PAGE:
The sports car scene is easily one of the toughest to break into. Included in the segment are some of the most cult-building vehicles ever conceived. These cars carry with them strong loyalty and more often than not, highly opinionated owners. Icons such as the Nissan Z Cars, Mazda RX cars, BMW’s 3-Series Coupes, Ford’s Mustang and Chevrolet’s Camaro battle each other every day for sports car supremacy on and off the race track. Even though it may be impossible to determine the honest-to-goodness best pick, it is always interesting to see a newcomer arrive to make an attempt. In 2009, Hyundai did just that by introducing their version of the Niszda 35X-8i Mamaro, the Genesis Coupe. Following the same basic recipe that made those icons so successful, the Korean brand set about proving that a former economy-car-only company can in fact make a legitimate sports car. On paper, it may just be another razor-sharp 2+2 but the 2011 Hyundai Genesis Coupe R-Spec is a little more than just that in the real world.
Purpose built as Hyundai’s first rear wheel drive sports car, the Genesis Coupe debuted alongside its four door brother late in 2008. Still currently in its first generation, the two-door has only received a few trim changes and updates in its short life. Its suspenders haven’t changed since the 111 inch wheelbase and 73.4 inch width are the same in 2011 as they were three years ago. Those dimensions are right on par with the likes of the Infiniti G37 Coupe and Ford Mustang. With two engine options and two transmissions to go along with, the Genesis Coupe has more than a few available trims to satisfy most any type of driver.
For our time spent with the Korean Camaro, we tested a 2.0T R-Spec with the six speed manual transmission. Designed to be the hardest-edge trim level, both R-Specs (the 2.0T and 3.8) come equipped with a special, track-tuned suspension with struts up front and a multi-link rear, front camber adjusters, a Torsen limited slip differential, 19 inch wheels and Brembo supplied brakes. Inside are special black leather seats with bolsters and that’s about it. The R-Spec doesn’t offer Navigation, premium stereo, HomeLink or any add-on packages as in all honesty, its true home is a mountain road or autocross course. Bathed in Tsukuba Red, our tester carried an MSRP of $25,350 with destination charge.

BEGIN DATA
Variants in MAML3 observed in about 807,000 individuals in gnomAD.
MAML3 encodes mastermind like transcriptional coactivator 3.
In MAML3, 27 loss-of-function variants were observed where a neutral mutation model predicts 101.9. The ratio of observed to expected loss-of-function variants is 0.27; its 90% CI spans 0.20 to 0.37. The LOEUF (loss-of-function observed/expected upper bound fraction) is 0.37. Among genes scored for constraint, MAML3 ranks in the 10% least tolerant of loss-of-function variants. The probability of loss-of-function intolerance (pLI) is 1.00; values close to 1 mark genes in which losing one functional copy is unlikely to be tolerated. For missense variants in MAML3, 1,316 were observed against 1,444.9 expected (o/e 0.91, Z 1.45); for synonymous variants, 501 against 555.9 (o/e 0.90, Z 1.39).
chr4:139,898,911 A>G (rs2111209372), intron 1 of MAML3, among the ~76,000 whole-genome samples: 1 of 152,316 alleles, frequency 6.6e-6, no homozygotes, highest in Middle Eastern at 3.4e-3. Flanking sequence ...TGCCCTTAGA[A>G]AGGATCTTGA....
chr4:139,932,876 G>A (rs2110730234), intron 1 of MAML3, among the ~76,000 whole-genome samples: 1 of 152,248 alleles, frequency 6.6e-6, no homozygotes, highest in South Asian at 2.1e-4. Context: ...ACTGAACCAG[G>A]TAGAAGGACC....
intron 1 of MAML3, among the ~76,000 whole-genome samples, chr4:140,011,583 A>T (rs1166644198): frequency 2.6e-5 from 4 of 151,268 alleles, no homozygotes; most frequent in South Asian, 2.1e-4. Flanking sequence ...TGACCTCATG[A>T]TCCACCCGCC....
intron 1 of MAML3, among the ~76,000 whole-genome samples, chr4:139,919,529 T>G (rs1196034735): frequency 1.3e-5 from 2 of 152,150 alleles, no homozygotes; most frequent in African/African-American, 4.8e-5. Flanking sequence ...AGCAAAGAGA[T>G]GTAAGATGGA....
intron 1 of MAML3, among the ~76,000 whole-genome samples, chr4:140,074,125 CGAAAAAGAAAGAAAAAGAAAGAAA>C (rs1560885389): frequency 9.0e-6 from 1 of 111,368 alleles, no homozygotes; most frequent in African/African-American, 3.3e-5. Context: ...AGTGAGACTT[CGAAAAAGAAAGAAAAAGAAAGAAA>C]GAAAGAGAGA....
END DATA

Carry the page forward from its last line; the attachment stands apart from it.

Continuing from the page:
Powering our R-Spec is the turbocharged version of Hyundai’s Theta four cylinder. Displacing 2.0 liters and using a double overhead cam design and variable valve timing, the mill features an all-alluminum construction. Breathing through a single turbocharger, the Genesis puts out 210 horsepower and 223 lb-ft of torque on regular fuel. If filled up with 93 octane, horsepower figures should jump up to 223. Honestly on the lower side, those figures are more than likely purposely kept down to boost V6 sales. The Theta easily has the ability to pump out more power as the Sonata Turbo uses the same engine with gasoline direct injection to make 274 horsepower. It is also very closely related to the 4B11 found in the Mitsubishi EVO X and that makes anywhere from 300 to 500 horsepower in street cars; maybe more. Why Hyundai decided to keep the 2.0T R-Spec at just 210 horsepower is a true mystery, but that doesn’t mean it’s slow. Due to the weight savings of the trim and the six speed manual’s well placed ratios, 60 mph can be found in about 6.8 seconds. The quarter-mile can pass by in 15 seconds and a top speed of 144 mph can be achieved. Sitting in the left-hand seat, a driver feels mostly torque as the 2.0 liter delivers decent low-end grunt, especially in the “around-town” gears. If pushed to redline, smiles can be had but there is still feeling left behind of wanting more. If Hyundai want’s 2.0T sales to rise, adding GDI would be the right step.